13. oliver osima said on 27th August 2007, 3:31

    i find it funny, that repeatedly kimi keeps setting the fastest lap times while running behind the leaders, and in my own opinion, it is totally pointless an excercise, what is he trying to say, that if he was in front, he would have won the race?…As far as im concerned that is much of ******** as an assumption can be.

    Consistently he has always made mistakes in qualifying which have penalised his starting position, if he was really that good and worth every penny he is paid,,he would make less mistakes in qualifying, and stop trying to fool people that he almost won….

    and let me ask, of what use is massa at the risk of destroying his lead, goin all out for a fastest lap time, when he can simply drive at the safest speeds necessary to win.

    Drivers with quality always express such, when it matters most, with consistency often during qualifying, so they maximise their potential and dont come out saying they were bored because they couldnt over take,,,,as far as im concerned he was bored because he didnt win, even montaya said this of him some time back, setting fastest times when its pointless…

    ferrari has never really been sensible when it comes to drivers pay, and in this occassion,,they simply missed the boat completely,,,paying goodness knows how much for an assistant world champion to drive a car that is already fully developed..sigh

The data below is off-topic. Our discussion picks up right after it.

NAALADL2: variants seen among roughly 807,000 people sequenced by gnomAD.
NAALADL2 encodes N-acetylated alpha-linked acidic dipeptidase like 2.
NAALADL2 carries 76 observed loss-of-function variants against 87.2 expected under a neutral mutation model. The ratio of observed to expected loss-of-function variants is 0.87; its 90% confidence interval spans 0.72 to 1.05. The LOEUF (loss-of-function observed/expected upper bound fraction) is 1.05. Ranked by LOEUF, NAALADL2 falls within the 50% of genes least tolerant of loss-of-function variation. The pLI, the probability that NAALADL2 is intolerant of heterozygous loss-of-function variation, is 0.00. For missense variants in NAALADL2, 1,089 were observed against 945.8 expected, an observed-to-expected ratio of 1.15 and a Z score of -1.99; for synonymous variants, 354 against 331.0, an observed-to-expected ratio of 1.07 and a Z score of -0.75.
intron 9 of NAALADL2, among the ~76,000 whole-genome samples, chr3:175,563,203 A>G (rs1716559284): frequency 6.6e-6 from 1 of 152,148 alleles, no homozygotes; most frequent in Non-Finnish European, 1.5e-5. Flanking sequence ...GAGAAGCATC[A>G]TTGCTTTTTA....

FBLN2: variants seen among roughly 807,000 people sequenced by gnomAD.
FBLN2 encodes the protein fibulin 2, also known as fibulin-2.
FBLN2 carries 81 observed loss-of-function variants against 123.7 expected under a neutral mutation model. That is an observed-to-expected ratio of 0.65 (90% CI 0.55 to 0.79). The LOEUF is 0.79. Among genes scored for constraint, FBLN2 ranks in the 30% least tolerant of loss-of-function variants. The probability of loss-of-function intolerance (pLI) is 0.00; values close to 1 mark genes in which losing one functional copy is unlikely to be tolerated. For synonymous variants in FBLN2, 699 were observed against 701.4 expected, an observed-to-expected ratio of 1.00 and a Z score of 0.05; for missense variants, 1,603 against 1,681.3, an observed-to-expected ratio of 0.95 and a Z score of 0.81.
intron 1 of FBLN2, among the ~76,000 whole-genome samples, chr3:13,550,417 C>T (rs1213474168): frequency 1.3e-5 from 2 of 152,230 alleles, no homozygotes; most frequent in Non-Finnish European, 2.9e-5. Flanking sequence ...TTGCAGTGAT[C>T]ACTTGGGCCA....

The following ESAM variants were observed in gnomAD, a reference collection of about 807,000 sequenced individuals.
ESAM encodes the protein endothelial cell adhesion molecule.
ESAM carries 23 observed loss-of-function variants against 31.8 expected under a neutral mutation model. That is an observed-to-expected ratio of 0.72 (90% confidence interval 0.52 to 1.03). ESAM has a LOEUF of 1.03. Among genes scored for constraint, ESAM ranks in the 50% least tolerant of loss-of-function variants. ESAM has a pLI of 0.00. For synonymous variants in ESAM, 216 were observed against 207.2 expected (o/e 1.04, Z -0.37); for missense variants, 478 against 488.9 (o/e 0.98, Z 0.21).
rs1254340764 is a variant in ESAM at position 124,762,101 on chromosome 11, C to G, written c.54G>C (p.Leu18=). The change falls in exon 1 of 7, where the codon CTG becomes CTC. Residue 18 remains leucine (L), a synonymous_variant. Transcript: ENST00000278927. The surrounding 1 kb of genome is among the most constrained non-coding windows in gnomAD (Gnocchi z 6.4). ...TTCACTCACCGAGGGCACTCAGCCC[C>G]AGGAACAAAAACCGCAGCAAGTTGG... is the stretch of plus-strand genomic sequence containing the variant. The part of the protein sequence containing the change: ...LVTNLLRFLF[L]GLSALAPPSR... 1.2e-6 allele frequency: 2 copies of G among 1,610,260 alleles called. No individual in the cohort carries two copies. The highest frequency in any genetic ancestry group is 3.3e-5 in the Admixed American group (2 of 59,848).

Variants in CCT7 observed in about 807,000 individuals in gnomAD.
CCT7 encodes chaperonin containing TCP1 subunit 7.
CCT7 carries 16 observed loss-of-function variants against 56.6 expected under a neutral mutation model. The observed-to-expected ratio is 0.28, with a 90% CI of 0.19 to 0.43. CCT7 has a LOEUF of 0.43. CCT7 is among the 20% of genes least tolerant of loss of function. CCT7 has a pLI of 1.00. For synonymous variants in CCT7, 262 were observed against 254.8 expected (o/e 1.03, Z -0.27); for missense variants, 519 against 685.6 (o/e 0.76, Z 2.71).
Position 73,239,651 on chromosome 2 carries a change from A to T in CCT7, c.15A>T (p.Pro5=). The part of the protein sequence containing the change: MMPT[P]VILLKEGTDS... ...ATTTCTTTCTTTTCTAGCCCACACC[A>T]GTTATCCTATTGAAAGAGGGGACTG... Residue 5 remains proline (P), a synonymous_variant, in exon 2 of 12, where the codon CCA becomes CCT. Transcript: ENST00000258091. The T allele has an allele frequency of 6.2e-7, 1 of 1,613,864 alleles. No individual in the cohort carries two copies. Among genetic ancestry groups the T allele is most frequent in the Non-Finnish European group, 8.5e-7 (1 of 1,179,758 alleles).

14. oliver osima said on 27th August 2007, 4:39

    On aerodynamics, yes i must agree with a lot that has been said on here, and its funny to see clive and ogami arguing and using the exact same analogy to prove ther point and yet not realise they say exactly the same thing most of the time.

    we all agree, that formula one is a bore, and for a purist like me, whose main pre occupation is not reall over taking but the efficiency of technology on the cars,,, the glorious sounds of those totured engines,, the fast paced heart beat and beads of pespiration as the lights go green, thats often my trill,

    i dont mind cars following themselves close together at very high speed so long as they are not very far apart, and believe me the anticipation of an overtake generatated by a battle perhaps many moments or laps back ,,that provides the thrill for spectators,, positive or negative, and not a car just zooming past another like it was standing still

    lets be honest we dont really want to see cars changing position every moment swaping position so often u dont even know who is where…cause u would soon tire of that…